Thanks, 'scary thing always on the right' would be a nice bonus. But evhub cleared up that particular confusion I had by saying that further to the right is always 'model agrees with that more.

I'm not sure if the core NIST standards go into catastrophic misalignment risk, but Barrett et al.'s supplemental guidance on the NIST standards does. I was a reviewer on that work, and I think they have more coming (see link in my first comment on this post for their first part).

I would check out the 200 Concrete Open Problems in Mechanistic Interpretability post series by Neel Nanda. Mechanistic interpretability has been considered a promising research direction by many in the alignment community for years. But it's only in the past couple months that we have an experienced researcher in this area laying out specific concrete problems and providing detailed guidance for newcomers.

Caveat: I haven't myself looked closely at this post series yet, as in recent months I have been more focused on investigating language model behaviour than on interpretability. So I don't have direct knowledge that these posts are as useful as they look.

I have the impression that Neel Nanda means something different by the word "concrete" than agg, when agg considers problems of the type "explain something in a good way" not a concrete problem. For example, I would think that "Hunt through Neuroscope for the toy models and look for interesting neurons to focus on." would not matcg agg's bar for concreteness. But maybe other problems from Neel Nanda might.

There is a teaching in Buddhism called "the eight worldly winds". The eight wordly winds refer to: praise and blame, success and failure, pleasure and pain, and fame and disrepute.

I don't know how faithful that verbiage is to the original ancient Indian text it was translated from. But I always found the term "wordly winds" really helpful and evocative. When I find myself chasing praise or reputation, if I can recall that phrase it immediately reminds me that these things are like the wind blowing around and changing direction from day to day. So it's foolish to worry about them too much or to try and control them, and it reminds me that I should focus on more important things.

Glad to see both the OP as well as the parent comment. 

I wanted to clarify something I disagreed with in the parent comment as well as in a sibling comment from Sam Marks about the Anthropic paper "Discovering Language Model Behaviors with Model-Written Evaluations" (paper, post):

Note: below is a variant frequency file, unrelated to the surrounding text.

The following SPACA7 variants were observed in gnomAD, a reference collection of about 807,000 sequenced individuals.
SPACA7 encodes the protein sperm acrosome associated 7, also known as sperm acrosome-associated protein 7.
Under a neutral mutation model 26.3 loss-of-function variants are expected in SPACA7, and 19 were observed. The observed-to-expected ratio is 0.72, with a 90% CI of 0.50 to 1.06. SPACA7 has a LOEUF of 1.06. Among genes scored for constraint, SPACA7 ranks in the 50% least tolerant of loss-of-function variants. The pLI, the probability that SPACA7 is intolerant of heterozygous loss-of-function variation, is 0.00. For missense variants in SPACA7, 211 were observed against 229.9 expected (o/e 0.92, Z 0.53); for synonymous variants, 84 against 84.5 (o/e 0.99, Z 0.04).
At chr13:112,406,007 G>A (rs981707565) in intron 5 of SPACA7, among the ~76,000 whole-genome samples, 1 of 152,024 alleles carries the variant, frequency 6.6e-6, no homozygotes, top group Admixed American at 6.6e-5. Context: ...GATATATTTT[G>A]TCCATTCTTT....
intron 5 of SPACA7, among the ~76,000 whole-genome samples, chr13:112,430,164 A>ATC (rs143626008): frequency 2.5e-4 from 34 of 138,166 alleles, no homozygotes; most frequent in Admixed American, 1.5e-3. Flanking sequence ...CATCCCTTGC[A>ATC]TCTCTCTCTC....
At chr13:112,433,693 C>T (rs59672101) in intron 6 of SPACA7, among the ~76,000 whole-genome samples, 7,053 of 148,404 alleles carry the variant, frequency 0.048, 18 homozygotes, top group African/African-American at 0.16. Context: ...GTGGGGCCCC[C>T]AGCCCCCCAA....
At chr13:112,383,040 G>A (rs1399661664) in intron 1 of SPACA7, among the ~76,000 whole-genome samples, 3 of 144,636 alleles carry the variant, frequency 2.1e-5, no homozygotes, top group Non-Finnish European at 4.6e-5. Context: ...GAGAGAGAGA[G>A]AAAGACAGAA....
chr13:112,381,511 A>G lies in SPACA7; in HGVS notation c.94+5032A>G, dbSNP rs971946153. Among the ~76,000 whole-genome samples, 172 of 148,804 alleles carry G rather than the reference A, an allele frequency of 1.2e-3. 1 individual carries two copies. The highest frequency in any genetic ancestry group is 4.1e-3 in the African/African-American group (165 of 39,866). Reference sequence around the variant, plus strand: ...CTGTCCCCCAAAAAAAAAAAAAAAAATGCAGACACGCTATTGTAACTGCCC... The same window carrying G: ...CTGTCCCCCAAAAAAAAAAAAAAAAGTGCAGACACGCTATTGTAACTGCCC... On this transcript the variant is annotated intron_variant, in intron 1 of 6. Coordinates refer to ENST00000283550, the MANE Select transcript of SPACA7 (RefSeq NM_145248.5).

Another reason for not liking RLHF that's somewhat related to the Anthropic paper you linked: because most contexts RLHF is used involve agentic simulacra, RLHF focuses the model's computation on agency in some sense. My guess is that this explains to an extent the results in

... (read more)
Thanks! My take on the scaled-up models exhibiting the same behaviours feels more banal - larger models are better at simulating agentic processes and their connection to self-preservation desires etc, so the effect is more pronounced. Same cause, different routes getting there with RLHF and scale.

What do you mean when you say the model is or is not "fighting you"?

I mean a model "fights" you if the model itself has goals and those goals are at odds with yours. In this context, a model cannot "fight" you if it does not have goals. It can still output things which are bad for you, like an agentic simulacrum that does fight you. I suspect effective interventions are easier to find when dealing with a goal agnostic model simulating a potentially dangerous agent, compared to a goal-oriented model that is the potentially dangerous agent.

It's somewhat surprising to me the way this is shaking out. I would expect DeepMind and OpenAI's AGI research to be competing with one another*. But here it looks like Google is the engine of competition, less motivated by any future focused ideas about AGI more just by the fact that their core search/ad business model appears to be threatened by OpenAI's AGI research.

*And hopefully cooperating with one another too.

(Cross-posted this comment from the EA Forum)

For example, it's more likely to say it can solve complex text tasks (correctly), has internet access (incorrectly), and can access other non-text modalities (incorrectly)

These summaries seem right except the one I bolded. "Awareness of lack of internet access" trends up and to the right. So aren't the larger and more RLHF-y models more correctly aware that they don't have internet access?

How would a language model determine whether it has internet access? Naively, it seems like any attempt to test for internet access is doomed because if the model generates a query, it will also generate a plausible response to that query if one is not returned by an API. This could be fixed with some kind of hard coded internet search protocol (as they presumably implemented for Bing), but without it the LLM is in the dark, and a larger or more competent model should be no more likely to understand that it has no internet access.